Sociology Essays - Risk Society Theory
If the risk society thesis fails to closely fit the facts in the way a realist social science theory would have been expected to do, maybe is it because the thesis is better understood as a constructivist social science theory? Perhaps what Beck says concerns much more how we perceive and construct the rather than some objective reality out there. We live in a risk society because risk has been historically constructed to be the prevalent determinant of our lives. I will argue that even this approach can’t be fully said to suit the risk society thesis, risk and anxiety as constructs are not present everywhere, don’t mean the same thing for everyone, and are sometimes not even conscious. Let us start with the pervasiveness of the concept risk. Though he acknowledges risk society is primarily applicable to the West, Beck’s perspective dictates that perceptions of risk are homogeneous within the West, and to a certain extent, has now expanded worldwide (Mythen, 2007), i.e. the risk society is similarly present in everybody’s minds.
Reappraising the Risk Society Thesis - Current Sociology
Now that I have clarified what the appropriate assessment framework for the risk society thesis is, I will propose an application of it. As Beck’s work is a speculative one, and as it seeks to unravel the spirit of the era, I will choose to confront it with another speculative piece, also concerned with the zeitgeist: Badiou’s Le Siècle (The Century, originally published in 2005).
Scholars have called for further critical reflection on and hence advancement of popular theories of risk. Classic texts such as Beck’s risk society thesis have been criticised for their Eurocentricity, making them difficult to use in non-Western contexts. This limitation is especially problematic given that so many risks and natural hazards occur in precisely the Southern, developing regions of the world which Beck’s work largely neglects. In this article, I draw on data from a year of anthropological fieldwork (2010–2011) plus shorter follow up visits to the research area in 2014 and 2015. I use these data to examine the relationship between Jakartan slum dwellers’ experiences and perceptions of severe, recurrent flood risk and the central arguments of Beck’s thesis. I argue that while some elements of Beck’s theoretical framework provide insights into a non-Western, highly risk-prone context, other aspects of his thesis are less helpful and need to be reworked using alternative theories of risk.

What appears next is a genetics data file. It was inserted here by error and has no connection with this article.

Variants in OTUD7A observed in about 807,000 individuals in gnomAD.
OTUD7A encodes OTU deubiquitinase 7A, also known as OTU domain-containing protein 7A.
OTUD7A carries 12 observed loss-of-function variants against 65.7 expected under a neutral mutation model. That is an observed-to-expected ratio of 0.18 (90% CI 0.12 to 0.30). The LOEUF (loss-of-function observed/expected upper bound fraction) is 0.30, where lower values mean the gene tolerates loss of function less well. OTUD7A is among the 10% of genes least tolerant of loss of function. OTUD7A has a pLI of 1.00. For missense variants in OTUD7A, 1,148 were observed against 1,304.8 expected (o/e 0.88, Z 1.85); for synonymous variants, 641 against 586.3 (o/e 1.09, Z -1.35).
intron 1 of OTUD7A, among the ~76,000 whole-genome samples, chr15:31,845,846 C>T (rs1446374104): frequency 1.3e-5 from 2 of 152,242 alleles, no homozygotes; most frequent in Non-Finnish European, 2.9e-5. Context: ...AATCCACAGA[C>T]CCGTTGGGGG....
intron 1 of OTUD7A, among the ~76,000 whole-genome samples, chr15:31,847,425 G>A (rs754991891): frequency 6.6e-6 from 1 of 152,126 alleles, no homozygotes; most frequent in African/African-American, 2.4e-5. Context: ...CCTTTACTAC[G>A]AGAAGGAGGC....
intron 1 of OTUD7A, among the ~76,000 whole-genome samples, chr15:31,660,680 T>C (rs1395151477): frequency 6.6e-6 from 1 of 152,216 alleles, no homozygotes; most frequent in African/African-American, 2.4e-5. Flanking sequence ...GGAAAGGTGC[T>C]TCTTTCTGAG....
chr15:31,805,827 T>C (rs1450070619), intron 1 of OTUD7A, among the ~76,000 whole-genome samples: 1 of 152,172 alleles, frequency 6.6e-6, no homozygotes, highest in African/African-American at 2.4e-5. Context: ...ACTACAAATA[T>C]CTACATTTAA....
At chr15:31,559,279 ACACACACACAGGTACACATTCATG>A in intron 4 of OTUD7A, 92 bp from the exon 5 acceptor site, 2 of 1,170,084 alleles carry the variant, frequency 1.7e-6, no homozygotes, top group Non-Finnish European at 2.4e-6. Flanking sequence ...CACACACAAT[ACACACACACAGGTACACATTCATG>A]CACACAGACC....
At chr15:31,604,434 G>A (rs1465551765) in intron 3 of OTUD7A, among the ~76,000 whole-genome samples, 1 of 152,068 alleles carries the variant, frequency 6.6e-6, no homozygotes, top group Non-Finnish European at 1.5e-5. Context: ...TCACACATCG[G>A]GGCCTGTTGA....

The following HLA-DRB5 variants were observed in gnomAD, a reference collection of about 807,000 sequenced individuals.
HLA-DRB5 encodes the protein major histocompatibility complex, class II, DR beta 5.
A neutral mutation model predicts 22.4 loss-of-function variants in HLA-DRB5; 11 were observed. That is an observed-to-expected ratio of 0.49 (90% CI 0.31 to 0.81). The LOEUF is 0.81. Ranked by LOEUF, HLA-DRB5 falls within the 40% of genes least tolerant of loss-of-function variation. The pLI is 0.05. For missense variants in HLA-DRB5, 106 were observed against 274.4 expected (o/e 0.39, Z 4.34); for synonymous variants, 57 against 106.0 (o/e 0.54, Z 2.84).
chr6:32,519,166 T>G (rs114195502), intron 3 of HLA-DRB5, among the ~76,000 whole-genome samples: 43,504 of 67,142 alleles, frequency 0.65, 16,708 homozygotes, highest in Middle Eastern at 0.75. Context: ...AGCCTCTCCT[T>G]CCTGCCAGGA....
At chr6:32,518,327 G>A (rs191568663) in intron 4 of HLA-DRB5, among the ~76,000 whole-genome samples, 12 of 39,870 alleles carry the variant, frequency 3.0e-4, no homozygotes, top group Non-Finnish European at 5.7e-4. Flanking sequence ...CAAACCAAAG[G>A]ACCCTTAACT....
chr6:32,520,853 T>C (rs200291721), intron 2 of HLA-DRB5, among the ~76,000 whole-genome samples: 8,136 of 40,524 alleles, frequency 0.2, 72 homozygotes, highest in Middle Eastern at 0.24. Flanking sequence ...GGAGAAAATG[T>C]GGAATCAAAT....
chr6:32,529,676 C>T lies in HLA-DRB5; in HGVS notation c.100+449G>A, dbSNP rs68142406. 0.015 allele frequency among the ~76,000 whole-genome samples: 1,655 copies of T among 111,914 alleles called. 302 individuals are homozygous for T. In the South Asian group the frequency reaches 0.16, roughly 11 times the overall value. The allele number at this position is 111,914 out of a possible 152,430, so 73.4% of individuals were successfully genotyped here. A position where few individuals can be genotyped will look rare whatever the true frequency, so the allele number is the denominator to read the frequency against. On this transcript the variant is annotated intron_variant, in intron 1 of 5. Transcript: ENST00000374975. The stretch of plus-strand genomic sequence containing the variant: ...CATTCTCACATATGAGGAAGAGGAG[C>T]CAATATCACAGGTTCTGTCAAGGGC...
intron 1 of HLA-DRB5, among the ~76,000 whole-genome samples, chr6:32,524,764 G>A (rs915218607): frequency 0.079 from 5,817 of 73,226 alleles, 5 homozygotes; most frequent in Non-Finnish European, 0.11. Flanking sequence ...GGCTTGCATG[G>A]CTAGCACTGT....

This quote by the early 20th century Lebanese poet Kahlil Gibran captures both the core idea and some of the implicit issues posed by what was later to be called the “risk society thesis” and was to have a massive impact on contemporary sociology.More broadly speaking, this latter question carries the problems and the applicability of Beck’s claims to concrete issues of security and, more deeply, the nature of those claims. Given this ambiguity, I pay particular attention to assessing the risk society thesis on the ground it is trying to defend. I aim to identify the actual nature of what Beck tried to say, and assess it accordingly. I believe it is only by answering this fundamental question that one can truly measure, on solid ground, the contribution of the argument discussed here and the subsequent claims made on war and security.This leads to one of the fundamental issues of the thesis. The importance given to anxiety shows that what is at the center of the risk society thesis is our relationship with the world. When former President Clinton says that “when confronting the world, we face a war of endless risks,” the fact he frames the sentence in terms of us facing the world is not incidental. The underlying question raised here is whether the risk society theory has primarily to do with us or with the state of the world as an objective given. Does it describe a factual change in the nature of threats or merely a change in our perception of them?First, trying to evaluate it against social science criteria, it is found that, due to epistemological ambiguities and empirical invalidations, such an approach does not constitute an adequate assessment ground for the risk society thesis. Second, I show that it is better seen as a commentary on the character of our times and should be cautiously handled as such. Third, taking the risk society as the philosophical-historical work it is, I discuss it in the light of another speculative work: Alain Badiou on the “projectless” societies (2005). I argue that Christopher Coker’s analysis of this notion (2009) should be fully re-integrated into the risk society argument, thus allowing for an enhanced explanatory of the thesis on .My main argument is that the risk society thesis does not constitute a social science theory – and should therefore not be assessed or used in that way – but rather a speculative attempt to capture today’s zeitgeist and that attempt would benefit from being contrasted with other philosophical attempts of the same kind.I shall start with the assessment of the realist side of the argument (i.e. the nature of world have changed) and then turn to the constructivist one. First,by simply reading Beck’s publications on the risk society and the world risk society (1992, 1997, 2002 etc.) one can easily notice the author markedly lightness on empirics. Beck indeed prefers declarative sentences (Leiss, 1992) to demonstrations based on thorough historical evidence (Mythen, 2007). More importantly, subsequent empirical studies have demonstrated a very partial applicability of the thesis to the facts. Thus, although discussion around the risk society has been mostly theoretical, some scholars have conducted empirical research on it, especially on the world risk society thesis. In this global version of the risk society, Beck maintains that risks being now global, they tend to call for global solutions, allowing for the emergence of a world risk community.Assessing a thesis as a social science theory means identifying a way of validating it according to its own epistemological, ontological and methodological claims. In other words, one should assess a theory on the ground it is seeking to address, with the appropriate tools. If an author seeks to have his work assessed according to Lakatos’s scientific model, testing it against Popper’s refutability principles (1962) would be nonsensical. Similarly, judging a constructivist piece (i.e. epistemologically reflectivist) using realist criteria (i.e. positivists ones) would necessarily result in a flawed analysis. Arguably, the problem with Beck’s risk society thesis is that it seems to draw on both constructivism and . This makes the assessment uneasy and fundamentally uncertain.As we have seen, however, there is little empirical evidence to support Beck’s suggestion that the state is in systematic retreat, that its fiscal base has been eroded, or its expenditure abilities reduced. I am aware the risk society thesis can be assessed on many other grounds but Beck’s use of globalisation as one of the principal determinants of risk under modernity makes his characterisation of globalisation central to validating the risk society thesis. This analysis, therefore, hits a blow in the realist-fashioned sides of Beck’s claims.